Additionally, the increased tension may cause the tuning pins to slip or the string to seat on a new spot at the bridge pins. In winter, when the humidity is reduced, the board shrinks, resulting in an out-of-tune piano. If you live in a tropical area that is always humid, or a desert that is always dry, your piano will be more stable with regard to its tuning. The tighter the grain of the soundboard, the less susceptible it will be to changes in humidity. Air conditioning dehumidification and furnace humidifiers will help, but will not completely eliminate the effects of seasonal changes in humidity. Tuning also pins slip. If the wood holding the tuning pins (called the 'pin block' or 'wrestplank') has dried out and constricted, Or if the pins have been turned very many times, the tuning pins will not be able to hold the proper tension on the string and the pitch will go flat shortly or immediately after tuning.


Moving a piano with loose pins may cause it to go out of tune, but the problem wasn't caused by moving. It was caused by the defect in the piano. Unlike the old saying, you have to tune a piano if you move it just isn't true. Moving a piano in the same room, house, city, and state will not effect the tuning very much. Pianos go out of tune due to the weather much more than from being moved. Sure if you bounce it around on a pick-up truck long enough or often enough it will go out of tune. By not so much as to effect the pitch like the changes in humidity. Humidity in the summer, causing the board to swell. Because the board is crowned, additional tension is forced on the strings causing them to go "sharp," or up in pitch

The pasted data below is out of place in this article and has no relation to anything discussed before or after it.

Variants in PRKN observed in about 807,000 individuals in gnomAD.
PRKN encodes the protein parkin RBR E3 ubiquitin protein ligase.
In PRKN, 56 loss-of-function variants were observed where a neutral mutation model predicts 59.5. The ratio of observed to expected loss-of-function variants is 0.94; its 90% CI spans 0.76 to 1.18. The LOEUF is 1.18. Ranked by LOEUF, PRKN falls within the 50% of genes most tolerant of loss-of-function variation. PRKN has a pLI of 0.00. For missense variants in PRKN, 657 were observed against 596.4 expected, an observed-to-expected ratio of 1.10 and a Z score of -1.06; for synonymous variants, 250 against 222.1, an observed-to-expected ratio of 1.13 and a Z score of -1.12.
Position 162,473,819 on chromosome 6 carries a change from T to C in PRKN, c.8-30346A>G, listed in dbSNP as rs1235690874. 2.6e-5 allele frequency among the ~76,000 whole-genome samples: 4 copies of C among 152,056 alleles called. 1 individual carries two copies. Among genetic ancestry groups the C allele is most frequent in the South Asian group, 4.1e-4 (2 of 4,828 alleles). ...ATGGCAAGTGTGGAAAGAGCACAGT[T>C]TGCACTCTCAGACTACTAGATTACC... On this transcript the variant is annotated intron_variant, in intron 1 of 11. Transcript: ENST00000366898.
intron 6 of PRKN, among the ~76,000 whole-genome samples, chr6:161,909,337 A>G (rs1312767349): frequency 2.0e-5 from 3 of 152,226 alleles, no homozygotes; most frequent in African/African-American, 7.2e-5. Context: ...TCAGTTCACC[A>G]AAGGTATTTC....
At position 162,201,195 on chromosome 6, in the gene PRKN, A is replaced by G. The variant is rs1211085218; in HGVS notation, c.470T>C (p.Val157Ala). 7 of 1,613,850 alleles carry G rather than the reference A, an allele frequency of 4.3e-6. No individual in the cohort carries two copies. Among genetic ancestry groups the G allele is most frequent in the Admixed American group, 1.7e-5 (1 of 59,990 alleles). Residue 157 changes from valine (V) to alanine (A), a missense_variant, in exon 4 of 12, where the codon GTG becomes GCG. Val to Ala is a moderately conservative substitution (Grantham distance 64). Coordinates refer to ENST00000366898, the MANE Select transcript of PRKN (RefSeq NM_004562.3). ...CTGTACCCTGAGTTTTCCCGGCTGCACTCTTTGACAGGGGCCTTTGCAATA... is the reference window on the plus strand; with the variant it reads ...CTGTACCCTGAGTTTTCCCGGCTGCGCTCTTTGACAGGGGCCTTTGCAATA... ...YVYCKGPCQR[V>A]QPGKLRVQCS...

If a new piano has received a good tuning at the store, it will still sound harmonious after being moved to the home for about 3 months. Even if a piano is moved long distance in a truck, it would depend on how much temperature and climate change such as from Miami, Houston or Seattle to Phoenix, Denver or Las Vegas for example. In which case, some tuning and regulation would be needed.

In high humidity climates such as Miami, Houston, Seattle or near a large body of water, a piano can be helped by the use of a climate-controlled system. In very dry areas, a number of large green plants in a room will be of help. Pianos from dry climates may have a history of problems such as loose tuning pins and split or broken wood parts such as the soundboard. Pianos imported from wet climates may have sluggish keys and action joints. There are many controls and fixes available for this and it should not cause concern.